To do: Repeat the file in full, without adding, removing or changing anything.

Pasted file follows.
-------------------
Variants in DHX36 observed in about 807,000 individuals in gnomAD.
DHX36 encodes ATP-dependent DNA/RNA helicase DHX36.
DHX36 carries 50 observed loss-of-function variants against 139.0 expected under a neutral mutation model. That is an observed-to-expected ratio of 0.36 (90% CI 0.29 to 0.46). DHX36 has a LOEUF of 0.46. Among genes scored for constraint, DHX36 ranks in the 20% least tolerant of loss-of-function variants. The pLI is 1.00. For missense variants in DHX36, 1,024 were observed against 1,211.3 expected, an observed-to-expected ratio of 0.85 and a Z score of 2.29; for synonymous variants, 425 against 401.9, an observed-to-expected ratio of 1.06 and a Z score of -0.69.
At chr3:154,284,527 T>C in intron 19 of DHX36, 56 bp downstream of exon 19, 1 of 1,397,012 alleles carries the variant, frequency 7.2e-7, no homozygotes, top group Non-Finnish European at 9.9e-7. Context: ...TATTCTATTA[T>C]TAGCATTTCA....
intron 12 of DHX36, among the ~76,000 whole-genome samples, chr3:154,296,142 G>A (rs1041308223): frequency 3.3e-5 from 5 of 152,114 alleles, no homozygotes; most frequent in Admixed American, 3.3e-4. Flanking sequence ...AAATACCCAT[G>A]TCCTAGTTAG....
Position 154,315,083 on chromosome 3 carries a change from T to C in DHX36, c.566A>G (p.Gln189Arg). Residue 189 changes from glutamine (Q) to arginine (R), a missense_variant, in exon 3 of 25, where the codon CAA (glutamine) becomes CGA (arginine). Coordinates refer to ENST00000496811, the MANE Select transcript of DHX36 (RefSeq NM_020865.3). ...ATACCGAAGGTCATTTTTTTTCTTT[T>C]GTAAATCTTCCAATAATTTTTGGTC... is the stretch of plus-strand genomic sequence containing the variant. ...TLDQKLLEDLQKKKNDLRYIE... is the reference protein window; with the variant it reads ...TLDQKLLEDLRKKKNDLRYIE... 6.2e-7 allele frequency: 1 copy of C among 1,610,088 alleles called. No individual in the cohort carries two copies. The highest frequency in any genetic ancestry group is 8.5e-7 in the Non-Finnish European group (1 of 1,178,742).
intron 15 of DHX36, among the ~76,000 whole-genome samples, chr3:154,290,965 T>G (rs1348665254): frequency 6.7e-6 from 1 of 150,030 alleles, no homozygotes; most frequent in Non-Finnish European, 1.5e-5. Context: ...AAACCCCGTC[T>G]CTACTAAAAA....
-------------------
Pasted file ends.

Variants in DHX36 observed in about 807,000 individuals in gnomAD.
DHX36 encodes ATP-dependent DNA/RNA helicase DHX36.
DHX36 carries 50 observed loss-of-function variants against 139.0 expected under a neutral mutation model. That is an observed-to-expected ratio of 0.36 (90% CI 0.29 to 0.46). DHX36 has a LOEUF of 0.46. Among genes scored for constraint, DHX36 ranks in the 20% least tolerant of loss-of-function variants. The pLI is 1.00. For missense variants in DHX36, 1,024 were observed against 1,211.3 expected, an observed-to-expected ratio of 0.85 and a Z score of 2.29; for synonymous variants, 425 against 401.9, an observed-to-expected ratio of 1.06 and a Z score of -0.69.
At chr3:154,284,527 T>C in intron 19 of DHX36, 56 bp downstream of exon 19, 1 of 1,397,012 alleles carries the variant, frequency 7.2e-7, no homozygotes, top group Non-Finnish European at 9.9e-7. Context: ...TATTCTATTA[T>C]TAGCATTTCA....
intron 12 of DHX36, among the ~76,000 whole-genome samples, chr3:154,296,142 G>A (rs1041308223): frequency 3.3e-5 from 5 of 152,114 alleles, no homozygotes; most frequent in Admixed American, 3.3e-4. Flanking sequence ...AAATACCCAT[G>A]TCCTAGTTAG....
Position 154,315,083 on chromosome 3 carries a change from T to C in DHX36, c.566A>G (p.Gln189Arg). Residue 189 changes from glutamine (Q) to arginine (R), a missense_variant, in exon 3 of 25, where the codon CAA (glutamine) becomes CGA (arginine). Coordinates refer to ENST00000496811, the MANE Select transcript of DHX36 (RefSeq NM_020865.3). ...ATACCGAAGGTCATTTTTTTTCTTT[T>C]GTAAATCTTCCAATAATTTTTGGTC... is the stretch of plus-strand genomic sequence containing the variant. ...TLDQKLLEDLQKKKNDLRYIE... is the reference protein window; with the variant it reads ...TLDQKLLEDLRKKKNDLRYIE... 6.2e-7 allele frequency: 1 copy of C among 1,610,088 alleles called. No individual in the cohort carries two copies. The highest frequency in any genetic ancestry group is 8.5e-7 in the Non-Finnish European group (1 of 1,178,742).
intron 15 of DHX36, among the ~76,000 whole-genome samples, chr3:154,290,965 T>G (rs1348665254): frequency 6.7e-6 from 1 of 150,030 alleles, no homozygotes; most frequent in Non-Finnish European, 1.5e-5. Context: ...AAACCCCGTC[T>G]CTACTAAAAA....